I read an interesting article the other day regarding the difference in pay between men and women.
The author wondered if perhaps part of this discrepancy was due in part to men having the ability to go out and network after hours. Golf on Saturday, beers on Friday night . . . is it easier for men to get out and socialize with pals from the workforce than it is for women to do the same?
Females who don’t have families might have an easier time stopping at Joe’s Bar for a beer on Friday evening. A female with a family? Probably not. Chances are the babysitter, daycare center or family member that is watching the child is expecting the mom to come by at some point and pick the child up – and they don’t want her driving up smelling like a bar. And once the child has been picked up mom then needs to ensure her family has dinner and gets to bed at a certain time. Not much time for socializing in that schedule!
Certainly we can hire a babysitter for a few nights out of networking, but at $10 an hour that money adds up. Before you know it a quick $4 beer turns into a $40 event. Unless you are guaranteed a sale or a raise, $40 a few times a month could really put a dent in the old wallet.
When we have a family to tend to, someone has to tend to the family. Could the dad pick up the kids and take care of them while mom socializes? Sure, and I know it happens a lot. When I regularly attended NAWBO dinner meetings each month my husband made it a point to come home early and take over the household duties so I could go network.
Mind you, I said when I attended regularly . . . because, sadly, I no longer do.
I’m still a member, and I still want to attend, but the truth is life has gotten in the way. And yes, most of that life is my family. Am I complaining? Absolutely not. I understood this when I had children so I am okay with the shift.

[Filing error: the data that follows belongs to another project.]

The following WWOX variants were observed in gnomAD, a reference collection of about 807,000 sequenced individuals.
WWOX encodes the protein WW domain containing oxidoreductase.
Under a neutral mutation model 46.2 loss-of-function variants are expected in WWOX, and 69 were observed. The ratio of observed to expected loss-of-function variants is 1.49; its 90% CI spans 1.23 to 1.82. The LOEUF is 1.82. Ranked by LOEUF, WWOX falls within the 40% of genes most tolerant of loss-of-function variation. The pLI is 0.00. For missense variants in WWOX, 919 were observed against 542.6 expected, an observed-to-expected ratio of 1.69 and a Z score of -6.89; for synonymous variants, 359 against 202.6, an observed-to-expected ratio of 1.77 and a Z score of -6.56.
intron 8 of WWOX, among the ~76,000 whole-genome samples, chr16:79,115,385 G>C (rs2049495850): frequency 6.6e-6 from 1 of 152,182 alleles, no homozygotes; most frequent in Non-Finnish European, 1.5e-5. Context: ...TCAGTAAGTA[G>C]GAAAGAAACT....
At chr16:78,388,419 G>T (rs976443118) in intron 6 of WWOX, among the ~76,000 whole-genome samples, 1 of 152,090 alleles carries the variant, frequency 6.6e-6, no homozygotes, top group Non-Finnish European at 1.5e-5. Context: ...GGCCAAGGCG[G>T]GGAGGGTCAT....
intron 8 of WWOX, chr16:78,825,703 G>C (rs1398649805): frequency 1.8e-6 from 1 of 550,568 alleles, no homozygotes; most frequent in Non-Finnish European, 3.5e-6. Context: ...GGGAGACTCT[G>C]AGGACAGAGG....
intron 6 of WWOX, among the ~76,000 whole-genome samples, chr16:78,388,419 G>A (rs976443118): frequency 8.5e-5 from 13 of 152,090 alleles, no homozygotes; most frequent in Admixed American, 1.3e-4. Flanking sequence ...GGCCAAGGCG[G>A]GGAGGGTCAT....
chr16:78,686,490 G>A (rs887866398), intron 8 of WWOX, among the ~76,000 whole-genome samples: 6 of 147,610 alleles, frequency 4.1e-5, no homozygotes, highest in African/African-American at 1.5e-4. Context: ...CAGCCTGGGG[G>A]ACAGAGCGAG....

Which leads me to this: Could it be that the discrepancy in salary between men and women is just that many women at some point in their careers will stop and have children, and that when we pause to do so our priorities switch from climbing our way up the corporate ladder to having and taking care of our family?
I do think we can be successful in our careers and successful as parents. I do not believe that the two cannot coexist. Yet I also don’t think that you can give yourself 100% to two things all of the time.
As moms I believe that we try. We work, we cook, we attend the kids’ games. But by not slowing down in one area we are heading for a huge crash, so ultimately something has to take the backseat. Many times, that becomes our jobs.
When I think about those who are at the top of their career games, I think of those that sacrifice almost everything -time, sleep, friends – to get there. They are getting in early, working late, and devoting hours upon hours of time to the job. A mother would have a difficult time doing this unless she had a husband and a houseful of helpers standing behind her.
I was watching Beverly Hills, 90210 the other day. I know, don’t roll your eyes. It’s a guilty pleasure that I partake in on the early mornings that I wake and workout at home and I’m sticking to it! Dr. Rey, one of the main physicians, was working during the time he was supposed to spend with his children. He made a statement, which was in a nutshell that he loved his family and that he felt he had to work constantly because it would make them happy. I’m sure by this statement he meant that he would be able to afford to keep his family in a comfortable lifestyle if he worked a lot, which would in turn make them happy.